Incline My Heart

by Carol J. H. Kobulnicky

Incline my heart to your testimonies, and not to selfish gain!  Psalm 119:36 ESV

O my brethren, do not seek to find in circumstances the explanation of prayerlessness; seek it where God’s Word declares it to be, in the hidden aversion of the heart to a holy God.  —A. Murray

Conviction.  There it is. I’ve been distant from God the past several days. Not to say I haven’t prayed at all—I have.  But it hasn’t been relational, joy-filled time spent with God.  That’s the kind of prayer the Lord desires for us.  That is the kind of prayer in which God transforms.

Never underestimate the power of a single verse of Scripture and/or a simple quotation.  Reading this from a daily calendar I have, prompted me to head first to Psalm 119 and then to research who this man was.  

The word “heart” is used 15 times in Psalm 119, and it refers to what rules the entire person—where our desires come from, our intellect, our feelings and our will.  Inclining my heart to God’s testimonies, to His Word means I’m going to align my will with His. It is casting myself on Christ to be transformed and to do His will. And it’s something we need to continually do.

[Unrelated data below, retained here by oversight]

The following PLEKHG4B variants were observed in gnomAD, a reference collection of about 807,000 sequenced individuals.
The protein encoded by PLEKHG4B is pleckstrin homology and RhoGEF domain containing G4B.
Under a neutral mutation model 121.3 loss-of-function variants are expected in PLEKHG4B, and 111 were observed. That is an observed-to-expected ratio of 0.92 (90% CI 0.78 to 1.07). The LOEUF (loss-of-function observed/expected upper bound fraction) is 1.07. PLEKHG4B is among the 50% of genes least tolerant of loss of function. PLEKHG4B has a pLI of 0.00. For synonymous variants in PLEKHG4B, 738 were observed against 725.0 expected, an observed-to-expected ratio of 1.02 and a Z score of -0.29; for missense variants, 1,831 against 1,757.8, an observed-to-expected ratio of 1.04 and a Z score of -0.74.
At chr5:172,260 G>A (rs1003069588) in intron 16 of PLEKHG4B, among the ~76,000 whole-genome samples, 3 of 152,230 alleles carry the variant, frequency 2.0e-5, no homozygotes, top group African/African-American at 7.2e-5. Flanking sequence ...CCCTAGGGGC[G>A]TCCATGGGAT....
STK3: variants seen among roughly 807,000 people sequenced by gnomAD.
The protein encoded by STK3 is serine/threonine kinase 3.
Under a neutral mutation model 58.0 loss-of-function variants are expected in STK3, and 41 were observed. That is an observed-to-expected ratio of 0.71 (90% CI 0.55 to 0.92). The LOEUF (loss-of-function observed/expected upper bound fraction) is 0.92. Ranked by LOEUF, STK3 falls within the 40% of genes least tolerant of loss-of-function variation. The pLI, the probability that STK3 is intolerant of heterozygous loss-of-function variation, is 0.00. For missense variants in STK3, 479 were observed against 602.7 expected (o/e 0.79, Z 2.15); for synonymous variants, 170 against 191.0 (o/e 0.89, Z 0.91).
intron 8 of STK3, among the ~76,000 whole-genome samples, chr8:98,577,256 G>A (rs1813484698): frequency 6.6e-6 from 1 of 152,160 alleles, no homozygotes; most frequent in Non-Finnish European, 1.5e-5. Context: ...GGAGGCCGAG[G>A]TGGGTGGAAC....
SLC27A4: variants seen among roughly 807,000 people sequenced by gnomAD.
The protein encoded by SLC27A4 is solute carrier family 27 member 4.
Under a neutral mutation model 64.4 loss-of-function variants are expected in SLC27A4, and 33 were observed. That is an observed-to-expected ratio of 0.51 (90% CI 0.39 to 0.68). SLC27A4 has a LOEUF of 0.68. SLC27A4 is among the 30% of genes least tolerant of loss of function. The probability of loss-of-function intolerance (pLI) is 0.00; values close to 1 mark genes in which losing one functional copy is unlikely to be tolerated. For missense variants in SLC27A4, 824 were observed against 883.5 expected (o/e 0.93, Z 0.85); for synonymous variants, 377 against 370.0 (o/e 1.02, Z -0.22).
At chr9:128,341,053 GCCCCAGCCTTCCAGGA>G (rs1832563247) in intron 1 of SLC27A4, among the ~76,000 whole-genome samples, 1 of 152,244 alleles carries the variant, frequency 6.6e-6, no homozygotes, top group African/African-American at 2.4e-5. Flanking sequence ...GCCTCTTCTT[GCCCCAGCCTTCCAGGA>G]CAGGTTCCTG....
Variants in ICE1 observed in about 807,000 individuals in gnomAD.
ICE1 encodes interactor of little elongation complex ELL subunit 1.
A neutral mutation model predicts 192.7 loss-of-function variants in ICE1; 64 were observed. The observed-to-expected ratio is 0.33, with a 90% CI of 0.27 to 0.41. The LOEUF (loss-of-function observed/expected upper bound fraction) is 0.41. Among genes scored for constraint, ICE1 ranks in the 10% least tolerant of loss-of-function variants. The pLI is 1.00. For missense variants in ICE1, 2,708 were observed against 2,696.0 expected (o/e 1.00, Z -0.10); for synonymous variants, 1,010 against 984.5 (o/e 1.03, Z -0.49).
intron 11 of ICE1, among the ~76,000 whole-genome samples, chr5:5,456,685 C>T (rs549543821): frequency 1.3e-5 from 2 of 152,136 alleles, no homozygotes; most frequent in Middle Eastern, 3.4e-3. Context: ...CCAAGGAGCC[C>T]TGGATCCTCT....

Andrew Murray (1828-1917) was a faithful servant of God whose life prayer was, “May not a single moment of my life be spent outside the light, love, and joy of God’s presence.”(1)  His faithful service includes 60 years of ministry in South Africa, including founding, and teaching in, theological seminaries for men and women, as well as writing more than 200 books and tracts on Christian ministry and spirituality.